Are you a Guerrilla Marketer?

15 years ago the strength of our economy was driven by small businesses and it was at that time that I first read the book Guerrilla Marketing. This revolutionary book highlighted the need for small organizations to take a different approach, highlighting their nimbleness, rapid decision making and thirst to succeed. The premise of Guerrilla Marketing was simple, to create a marketing strategy that took advantage of every opportunity, was relentless in the pursuit of opportunity and understood the symbiotic relationship between marketing tools. In other words, Guerrilla Marketing created an environment in which every employee pursued a common mission, every marketing process operated in harmony and the organization was firing on all cylinders.

15 years later, our economy is still driven by small business and although marketing tools have dramatically changed, the premise and concept of Guerrilla Marketing remains sound and effective. But in today’s world of increasing communication tools and strategies (social media, email, PPC advertising campaigns, and traditional media) the heart of Levinson’s principles are being forgotten.

So your organization is growing…

You have a fledgling social media plan…

You have an email marketing plan…

You have an affiliate marketing plan…

You advertise on that locally popular website…

You even engage in traditional print and direct mail campaigns…

But does your marketing plan address all of these efforts as a single function?

Does your monthly/quarterly tracking deal with these efforts as a single function or as separately tracked indicators?

A colleague recently passed on an article, Hot or Not: E-mail Marketing vs. Social-Media Marketing. Although the well-written article discusses the need to leverage all media channels, the title underscores the tendency of organizations to create competing strategies with regards to their marketing arsenal.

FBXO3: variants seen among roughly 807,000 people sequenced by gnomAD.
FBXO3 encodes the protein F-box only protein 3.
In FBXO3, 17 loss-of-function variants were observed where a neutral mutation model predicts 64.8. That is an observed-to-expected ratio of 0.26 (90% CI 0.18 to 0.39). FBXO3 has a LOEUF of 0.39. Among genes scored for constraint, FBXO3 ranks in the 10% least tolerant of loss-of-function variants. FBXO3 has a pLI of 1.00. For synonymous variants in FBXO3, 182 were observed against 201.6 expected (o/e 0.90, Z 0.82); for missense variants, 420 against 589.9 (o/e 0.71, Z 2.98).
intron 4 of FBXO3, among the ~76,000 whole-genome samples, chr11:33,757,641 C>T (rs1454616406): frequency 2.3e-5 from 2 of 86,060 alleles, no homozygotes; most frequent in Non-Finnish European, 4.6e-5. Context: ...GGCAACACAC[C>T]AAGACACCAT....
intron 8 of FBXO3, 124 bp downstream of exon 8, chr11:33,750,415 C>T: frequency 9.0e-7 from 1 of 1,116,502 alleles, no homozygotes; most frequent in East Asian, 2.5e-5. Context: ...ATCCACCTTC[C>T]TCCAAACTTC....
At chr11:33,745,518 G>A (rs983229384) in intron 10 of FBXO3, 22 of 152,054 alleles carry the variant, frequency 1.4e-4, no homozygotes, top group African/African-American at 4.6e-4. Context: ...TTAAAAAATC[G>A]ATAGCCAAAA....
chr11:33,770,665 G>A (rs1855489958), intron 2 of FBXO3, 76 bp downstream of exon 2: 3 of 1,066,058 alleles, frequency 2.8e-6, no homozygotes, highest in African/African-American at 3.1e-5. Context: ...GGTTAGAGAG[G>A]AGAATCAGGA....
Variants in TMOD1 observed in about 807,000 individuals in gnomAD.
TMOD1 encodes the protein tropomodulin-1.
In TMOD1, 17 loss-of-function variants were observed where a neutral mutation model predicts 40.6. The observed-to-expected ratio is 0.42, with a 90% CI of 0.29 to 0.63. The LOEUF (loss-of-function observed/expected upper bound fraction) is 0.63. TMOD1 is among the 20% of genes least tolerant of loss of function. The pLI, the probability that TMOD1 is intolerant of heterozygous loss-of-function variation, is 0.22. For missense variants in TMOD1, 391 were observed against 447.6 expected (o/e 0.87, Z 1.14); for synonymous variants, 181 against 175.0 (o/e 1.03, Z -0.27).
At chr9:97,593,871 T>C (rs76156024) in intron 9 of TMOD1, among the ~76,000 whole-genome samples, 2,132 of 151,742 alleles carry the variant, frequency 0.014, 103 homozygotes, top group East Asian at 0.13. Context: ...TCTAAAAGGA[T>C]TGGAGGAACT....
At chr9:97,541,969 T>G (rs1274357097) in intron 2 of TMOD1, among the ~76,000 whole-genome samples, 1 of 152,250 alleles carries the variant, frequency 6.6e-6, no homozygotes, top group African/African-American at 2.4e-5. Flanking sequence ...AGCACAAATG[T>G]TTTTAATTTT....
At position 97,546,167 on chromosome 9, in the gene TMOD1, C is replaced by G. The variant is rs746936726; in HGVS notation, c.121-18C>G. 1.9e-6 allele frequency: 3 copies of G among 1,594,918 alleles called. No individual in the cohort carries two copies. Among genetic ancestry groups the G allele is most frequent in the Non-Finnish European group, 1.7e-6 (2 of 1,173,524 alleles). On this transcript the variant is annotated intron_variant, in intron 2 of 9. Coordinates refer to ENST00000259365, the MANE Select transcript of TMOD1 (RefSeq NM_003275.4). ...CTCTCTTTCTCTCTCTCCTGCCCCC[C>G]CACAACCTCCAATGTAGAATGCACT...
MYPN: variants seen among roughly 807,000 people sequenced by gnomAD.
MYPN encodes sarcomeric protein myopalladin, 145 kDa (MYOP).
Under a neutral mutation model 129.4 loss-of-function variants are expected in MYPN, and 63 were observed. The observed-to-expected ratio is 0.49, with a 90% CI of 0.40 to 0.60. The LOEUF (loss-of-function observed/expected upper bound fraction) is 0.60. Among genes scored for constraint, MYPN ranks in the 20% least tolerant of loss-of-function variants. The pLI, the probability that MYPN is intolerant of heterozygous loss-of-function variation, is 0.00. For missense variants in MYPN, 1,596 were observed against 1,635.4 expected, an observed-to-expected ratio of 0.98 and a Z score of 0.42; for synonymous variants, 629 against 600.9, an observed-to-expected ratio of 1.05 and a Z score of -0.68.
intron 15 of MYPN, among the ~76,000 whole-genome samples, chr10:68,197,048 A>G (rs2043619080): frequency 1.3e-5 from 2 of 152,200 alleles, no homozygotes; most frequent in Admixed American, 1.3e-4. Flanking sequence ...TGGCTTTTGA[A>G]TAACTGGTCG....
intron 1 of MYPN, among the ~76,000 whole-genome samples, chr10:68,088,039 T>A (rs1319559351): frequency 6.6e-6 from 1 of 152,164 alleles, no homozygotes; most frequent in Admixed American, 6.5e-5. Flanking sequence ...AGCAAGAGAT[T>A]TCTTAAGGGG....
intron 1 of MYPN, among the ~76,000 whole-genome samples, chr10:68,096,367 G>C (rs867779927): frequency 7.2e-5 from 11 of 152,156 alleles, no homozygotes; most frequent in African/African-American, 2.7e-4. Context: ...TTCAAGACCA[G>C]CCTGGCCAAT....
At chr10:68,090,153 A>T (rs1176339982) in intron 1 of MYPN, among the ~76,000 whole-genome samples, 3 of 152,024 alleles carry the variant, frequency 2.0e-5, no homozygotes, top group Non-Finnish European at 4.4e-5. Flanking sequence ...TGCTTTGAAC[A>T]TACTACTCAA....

Time and time again, I see marketing plans that want to treat every aspect of organizational marketing as separate entities. Companies are increasingly adopting marketing strategies that will target Twitter as a platform for product marketing, Facebook as a platform for client relationship building, Email Marketing as a method of soliciting further business from clients, PPC and traditional print advertising for the purpose of attracting new business and a weblog to issue company news. Each of these marketing activities will act independently, serving different functions with competing measures of success and commonly managed by different individuals. The end result is a disjointed marketing strategy that serves no primary function, cannot be effectively measured and consistently bypasses opportunity.

Today’s marketing weapons have a symbiotic relationship. In order to effectively maximize each, they must work together and their success should be measured as a whole. No organization sets out to create an ineffective marketing strategy, yet the evolution of marketing weapons and lack of cohesive messaging often leads to just that. Email Marketing, Social Media Marketing, Print Advertising, Affiliate Marketing and every other tagline should be viewed as marketing weapons that only operate well when they are utilized as part of a comprehensive, organizational marketing plan. So take a step back and ask yourself if your organization is firing on all cylinders? If not, perhaps it’s time to redefine your organizational objectives.

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